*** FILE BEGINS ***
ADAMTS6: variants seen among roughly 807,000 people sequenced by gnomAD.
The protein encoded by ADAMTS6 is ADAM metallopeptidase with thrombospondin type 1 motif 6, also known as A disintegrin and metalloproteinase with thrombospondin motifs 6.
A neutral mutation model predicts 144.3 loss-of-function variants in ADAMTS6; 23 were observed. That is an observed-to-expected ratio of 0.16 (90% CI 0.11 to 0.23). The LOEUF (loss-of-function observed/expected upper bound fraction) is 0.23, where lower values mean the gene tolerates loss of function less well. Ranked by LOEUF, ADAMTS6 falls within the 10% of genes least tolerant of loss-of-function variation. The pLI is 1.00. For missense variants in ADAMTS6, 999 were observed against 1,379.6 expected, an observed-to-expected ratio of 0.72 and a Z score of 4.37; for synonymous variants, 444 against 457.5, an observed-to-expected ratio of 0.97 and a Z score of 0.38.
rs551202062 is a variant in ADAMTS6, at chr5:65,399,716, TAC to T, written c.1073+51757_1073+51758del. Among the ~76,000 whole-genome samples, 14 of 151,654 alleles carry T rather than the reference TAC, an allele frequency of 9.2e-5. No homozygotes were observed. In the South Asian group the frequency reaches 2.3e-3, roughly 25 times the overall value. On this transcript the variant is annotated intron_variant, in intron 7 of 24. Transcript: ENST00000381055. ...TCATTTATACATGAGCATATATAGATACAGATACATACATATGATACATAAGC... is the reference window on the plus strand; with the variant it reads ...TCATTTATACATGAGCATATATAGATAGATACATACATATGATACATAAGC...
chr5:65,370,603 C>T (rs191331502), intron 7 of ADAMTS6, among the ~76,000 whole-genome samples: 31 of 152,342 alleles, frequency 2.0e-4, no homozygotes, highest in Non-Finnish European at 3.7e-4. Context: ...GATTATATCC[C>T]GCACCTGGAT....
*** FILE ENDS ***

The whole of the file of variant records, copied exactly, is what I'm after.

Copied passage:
ADAMTS6: variants seen among roughly 807,000 people sequenced by gnomAD.
The protein encoded by ADAMTS6 is ADAM metallopeptidase with thrombospondin type 1 motif 6, also known as A disintegrin and metalloproteinase with thrombospondin motifs 6.
A neutral mutation model predicts 144.3 loss-of-function variants in ADAMTS6; 23 were observed. That is an observed-to-expected ratio of 0.16 (90% CI 0.11 to 0.23). The LOEUF (loss-of-function observed/expected upper bound fraction) is 0.23, where lower values mean the gene tolerates loss of function less well. Ranked by LOEUF, ADAMTS6 falls within the 10% of genes least tolerant of loss-of-function variation. The pLI is 1.00. For missense variants in ADAMTS6, 999 were observed against 1,379.6 expected, an observed-to-expected ratio of 0.72 and a Z score of 4.37; for synonymous variants, 444 against 457.5, an observed-to-expected ratio of 0.97 and a Z score of 0.38.
rs551202062 is a variant in ADAMTS6, at chr5:65,399,716, TAC to T, written c.1073+51757_1073+51758del. Among the ~76,000 whole-genome samples, 14 of 151,654 alleles carry T rather than the reference TAC, an allele frequency of 9.2e-5. No homozygotes were observed. In the South Asian group the frequency reaches 2.3e-3, roughly 25 times the overall value. On this transcript the variant is annotated intron_variant, in intron 7 of 24. Transcript: ENST00000381055. ...TCATTTATACATGAGCATATATAGATACAGATACATACATATGATACATAAGC... is the reference window on the plus strand; with the variant it reads ...TCATTTATACATGAGCATATATAGATAGATACATACATATGATACATAAGC...
chr5:65,370,603 C>T (rs191331502), intron 7 of ADAMTS6, among the ~76,000 whole-genome samples: 31 of 152,342 alleles, frequency 2.0e-4, no homozygotes, highest in Non-Finnish European at 3.7e-4. Context: ...GATTATATCC[C>T]GCACCTGGAT....